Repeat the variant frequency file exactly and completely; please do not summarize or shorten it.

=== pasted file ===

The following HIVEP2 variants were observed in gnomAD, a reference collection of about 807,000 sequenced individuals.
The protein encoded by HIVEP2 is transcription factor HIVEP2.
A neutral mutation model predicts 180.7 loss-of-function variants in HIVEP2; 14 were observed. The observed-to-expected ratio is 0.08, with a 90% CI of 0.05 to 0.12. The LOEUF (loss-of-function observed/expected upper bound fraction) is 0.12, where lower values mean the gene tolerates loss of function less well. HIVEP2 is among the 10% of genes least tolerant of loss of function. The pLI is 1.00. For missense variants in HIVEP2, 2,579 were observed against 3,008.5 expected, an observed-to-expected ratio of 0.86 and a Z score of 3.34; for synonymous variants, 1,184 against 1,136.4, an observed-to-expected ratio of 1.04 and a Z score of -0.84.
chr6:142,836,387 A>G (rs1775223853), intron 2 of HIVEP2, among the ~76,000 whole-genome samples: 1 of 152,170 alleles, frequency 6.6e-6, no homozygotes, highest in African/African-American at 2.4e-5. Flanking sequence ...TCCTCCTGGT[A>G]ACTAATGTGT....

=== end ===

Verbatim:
The following HIVEP2 variants were observed in gnomAD, a reference collection of about 807,000 sequenced individuals.
The protein encoded by HIVEP2 is transcription factor HIVEP2.
A neutral mutation model predicts 180.7 loss-of-function variants in HIVEP2; 14 were observed. The observed-to-expected ratio is 0.08, with a 90% CI of 0.05 to 0.12. The LOEUF (loss-of-function observed/expected upper bound fraction) is 0.12, where lower values mean the gene tolerates loss of function less well. HIVEP2 is among the 10% of genes least tolerant of loss of function. The pLI is 1.00. For missense variants in HIVEP2, 2,579 were observed against 3,008.5 expected, an observed-to-expected ratio of 0.86 and a Z score of 3.34; for synonymous variants, 1,184 against 1,136.4, an observed-to-expected ratio of 1.04 and a Z score of -0.84.
chr6:142,836,387 A>G (rs1775223853), intron 2 of HIVEP2, among the ~76,000 whole-genome samples: 1 of 152,170 alleles, frequency 6.6e-6, no homozygotes, highest in African/African-American at 2.4e-5. Flanking sequence ...TCCTCCTGGT[A>G]ACTAATGTGT....